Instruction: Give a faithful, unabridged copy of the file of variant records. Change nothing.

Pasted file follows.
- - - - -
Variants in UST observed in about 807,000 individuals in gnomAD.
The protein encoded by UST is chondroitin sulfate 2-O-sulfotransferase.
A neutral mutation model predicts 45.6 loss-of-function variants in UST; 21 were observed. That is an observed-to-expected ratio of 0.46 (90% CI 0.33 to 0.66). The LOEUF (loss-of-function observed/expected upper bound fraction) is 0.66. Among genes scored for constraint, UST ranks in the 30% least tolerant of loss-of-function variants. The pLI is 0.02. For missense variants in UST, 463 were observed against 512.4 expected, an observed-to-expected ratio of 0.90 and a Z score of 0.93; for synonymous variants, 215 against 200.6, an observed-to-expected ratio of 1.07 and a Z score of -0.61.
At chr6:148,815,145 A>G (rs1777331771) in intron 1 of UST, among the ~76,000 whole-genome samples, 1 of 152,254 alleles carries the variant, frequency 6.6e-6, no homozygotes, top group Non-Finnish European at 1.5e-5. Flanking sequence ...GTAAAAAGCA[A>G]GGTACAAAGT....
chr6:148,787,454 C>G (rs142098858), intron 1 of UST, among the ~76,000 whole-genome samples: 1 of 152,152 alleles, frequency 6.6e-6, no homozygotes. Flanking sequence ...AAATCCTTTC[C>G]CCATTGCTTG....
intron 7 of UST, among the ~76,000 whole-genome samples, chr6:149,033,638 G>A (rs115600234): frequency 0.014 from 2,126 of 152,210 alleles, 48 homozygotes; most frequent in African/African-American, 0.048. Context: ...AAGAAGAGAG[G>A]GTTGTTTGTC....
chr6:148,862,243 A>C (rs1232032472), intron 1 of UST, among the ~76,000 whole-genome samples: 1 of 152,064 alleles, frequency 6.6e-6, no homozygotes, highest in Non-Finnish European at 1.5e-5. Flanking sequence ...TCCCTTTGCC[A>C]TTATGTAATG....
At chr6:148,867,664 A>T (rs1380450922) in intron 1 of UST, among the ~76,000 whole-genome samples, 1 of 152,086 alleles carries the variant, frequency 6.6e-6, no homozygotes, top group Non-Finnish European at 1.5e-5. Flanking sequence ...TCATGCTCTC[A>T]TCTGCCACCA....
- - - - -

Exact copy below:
Variants in UST observed in about 807,000 individuals in gnomAD.
The protein encoded by UST is chondroitin sulfate 2-O-sulfotransferase.
A neutral mutation model predicts 45.6 loss-of-function variants in UST; 21 were observed. That is an observed-to-expected ratio of 0.46 (90% CI 0.33 to 0.66). The LOEUF (loss-of-function observed/expected upper bound fraction) is 0.66. Among genes scored for constraint, UST ranks in the 30% least tolerant of loss-of-function variants. The pLI is 0.02. For missense variants in UST, 463 were observed against 512.4 expected, an observed-to-expected ratio of 0.90 and a Z score of 0.93; for synonymous variants, 215 against 200.6, an observed-to-expected ratio of 1.07 and a Z score of -0.61.
At chr6:148,815,145 A>G (rs1777331771) in intron 1 of UST, among the ~76,000 whole-genome samples, 1 of 152,254 alleles carries the variant, frequency 6.6e-6, no homozygotes, top group Non-Finnish European at 1.5e-5. Flanking sequence ...GTAAAAAGCA[A>G]GGTACAAAGT....
chr6:148,787,454 C>G (rs142098858), intron 1 of UST, among the ~76,000 whole-genome samples: 1 of 152,152 alleles, frequency 6.6e-6, no homozygotes. Flanking sequence ...AAATCCTTTC[C>G]CCATTGCTTG....
intron 7 of UST, among the ~76,000 whole-genome samples, chr6:149,033,638 G>A (rs115600234): frequency 0.014 from 2,126 of 152,210 alleles, 48 homozygotes; most frequent in African/African-American, 0.048. Context: ...AAGAAGAGAG[G>A]GTTGTTTGTC....
chr6:148,862,243 A>C (rs1232032472), intron 1 of UST, among the ~76,000 whole-genome samples: 1 of 152,064 alleles, frequency 6.6e-6, no homozygotes, highest in Non-Finnish European at 1.5e-5. Flanking sequence ...TCCCTTTGCC[A>C]TTATGTAATG....
At chr6:148,867,664 A>T (rs1380450922) in intron 1 of UST, among the ~76,000 whole-genome samples, 1 of 152,086 alleles carries the variant, frequency 6.6e-6, no homozygotes, top group Non-Finnish European at 1.5e-5. Flanking sequence ...TCATGCTCTC[A>T]TCTGCCACCA....